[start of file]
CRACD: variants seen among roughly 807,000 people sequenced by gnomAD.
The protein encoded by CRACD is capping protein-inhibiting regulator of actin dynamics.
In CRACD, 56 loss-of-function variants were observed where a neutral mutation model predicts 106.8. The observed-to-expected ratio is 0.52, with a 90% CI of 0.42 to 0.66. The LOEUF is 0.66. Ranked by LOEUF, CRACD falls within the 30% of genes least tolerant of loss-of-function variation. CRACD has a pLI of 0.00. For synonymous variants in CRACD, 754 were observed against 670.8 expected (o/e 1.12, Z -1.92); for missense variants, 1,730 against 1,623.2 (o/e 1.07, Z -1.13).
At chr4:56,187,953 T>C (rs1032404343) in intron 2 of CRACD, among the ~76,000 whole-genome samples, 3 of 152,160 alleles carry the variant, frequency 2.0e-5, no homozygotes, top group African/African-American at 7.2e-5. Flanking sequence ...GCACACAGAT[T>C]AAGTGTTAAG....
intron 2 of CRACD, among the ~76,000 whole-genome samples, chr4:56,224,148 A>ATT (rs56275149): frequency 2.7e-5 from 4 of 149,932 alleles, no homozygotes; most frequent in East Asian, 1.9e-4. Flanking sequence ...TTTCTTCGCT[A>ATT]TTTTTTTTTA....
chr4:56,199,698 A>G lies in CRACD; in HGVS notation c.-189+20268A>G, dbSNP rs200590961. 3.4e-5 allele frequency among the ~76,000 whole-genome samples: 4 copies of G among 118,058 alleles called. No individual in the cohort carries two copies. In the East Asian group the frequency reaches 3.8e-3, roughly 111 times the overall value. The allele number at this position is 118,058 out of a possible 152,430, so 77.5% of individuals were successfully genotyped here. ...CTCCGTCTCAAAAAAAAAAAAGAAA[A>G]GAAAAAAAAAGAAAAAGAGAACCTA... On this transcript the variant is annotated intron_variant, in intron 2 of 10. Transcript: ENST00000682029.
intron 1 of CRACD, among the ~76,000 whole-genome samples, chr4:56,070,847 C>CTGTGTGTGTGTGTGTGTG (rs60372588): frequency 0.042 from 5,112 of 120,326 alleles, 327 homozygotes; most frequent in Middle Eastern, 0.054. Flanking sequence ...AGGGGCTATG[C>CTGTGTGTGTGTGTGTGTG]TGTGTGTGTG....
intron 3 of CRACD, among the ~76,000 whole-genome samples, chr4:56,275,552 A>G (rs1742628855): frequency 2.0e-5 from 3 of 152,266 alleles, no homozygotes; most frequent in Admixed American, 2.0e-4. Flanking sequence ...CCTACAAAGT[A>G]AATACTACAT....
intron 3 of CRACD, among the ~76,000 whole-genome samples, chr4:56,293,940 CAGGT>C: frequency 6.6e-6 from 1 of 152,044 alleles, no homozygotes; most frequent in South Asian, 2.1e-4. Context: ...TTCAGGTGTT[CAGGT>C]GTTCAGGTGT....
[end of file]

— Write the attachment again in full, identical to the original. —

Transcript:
CRACD: variants seen among roughly 807,000 people sequenced by gnomAD.
The protein encoded by CRACD is capping protein-inhibiting regulator of actin dynamics.
In CRACD, 56 loss-of-function variants were observed where a neutral mutation model predicts 106.8. The observed-to-expected ratio is 0.52, with a 90% CI of 0.42 to 0.66. The LOEUF is 0.66. Ranked by LOEUF, CRACD falls within the 30% of genes least tolerant of loss-of-function variation. CRACD has a pLI of 0.00. For synonymous variants in CRACD, 754 were observed against 670.8 expected (o/e 1.12, Z -1.92); for missense variants, 1,730 against 1,623.2 (o/e 1.07, Z -1.13).
At chr4:56,187,953 T>C (rs1032404343) in intron 2 of CRACD, among the ~76,000 whole-genome samples, 3 of 152,160 alleles carry the variant, frequency 2.0e-5, no homozygotes, top group African/African-American at 7.2e-5. Flanking sequence ...GCACACAGAT[T>C]AAGTGTTAAG....
intron 2 of CRACD, among the ~76,000 whole-genome samples, chr4:56,224,148 A>ATT (rs56275149): frequency 2.7e-5 from 4 of 149,932 alleles, no homozygotes; most frequent in East Asian, 1.9e-4. Flanking sequence ...TTTCTTCGCT[A>ATT]TTTTTTTTTA....
chr4:56,199,698 A>G lies in CRACD; in HGVS notation c.-189+20268A>G, dbSNP rs200590961. 3.4e-5 allele frequency among the ~76,000 whole-genome samples: 4 copies of G among 118,058 alleles called. No individual in the cohort carries two copies. In the East Asian group the frequency reaches 3.8e-3, roughly 111 times the overall value. The allele number at this position is 118,058 out of a possible 152,430, so 77.5% of individuals were successfully genotyped here. ...CTCCGTCTCAAAAAAAAAAAAGAAA[A>G]GAAAAAAAAAGAAAAAGAGAACCTA... On this transcript the variant is annotated intron_variant, in intron 2 of 10. Transcript: ENST00000682029.
intron 1 of CRACD, among the ~76,000 whole-genome samples, chr4:56,070,847 C>CTGTGTGTGTGTGTGTGTG (rs60372588): frequency 0.042 from 5,112 of 120,326 alleles, 327 homozygotes; most frequent in Middle Eastern, 0.054. Flanking sequence ...AGGGGCTATG[C>CTGTGTGTGTGTGTGTGTG]TGTGTGTGTG....
intron 3 of CRACD, among the ~76,000 whole-genome samples, chr4:56,275,552 A>G (rs1742628855): frequency 2.0e-5 from 3 of 152,266 alleles, no homozygotes; most frequent in Admixed American, 2.0e-4. Flanking sequence ...CCTACAAAGT[A>G]AATACTACAT....
intron 3 of CRACD, among the ~76,000 whole-genome samples, chr4:56,293,940 CAGGT>C: frequency 6.6e-6 from 1 of 152,044 alleles, no homozygotes; most frequent in South Asian, 2.1e-4. Context: ...TTCAGGTGTT[CAGGT>C]GTTCAGGTGT....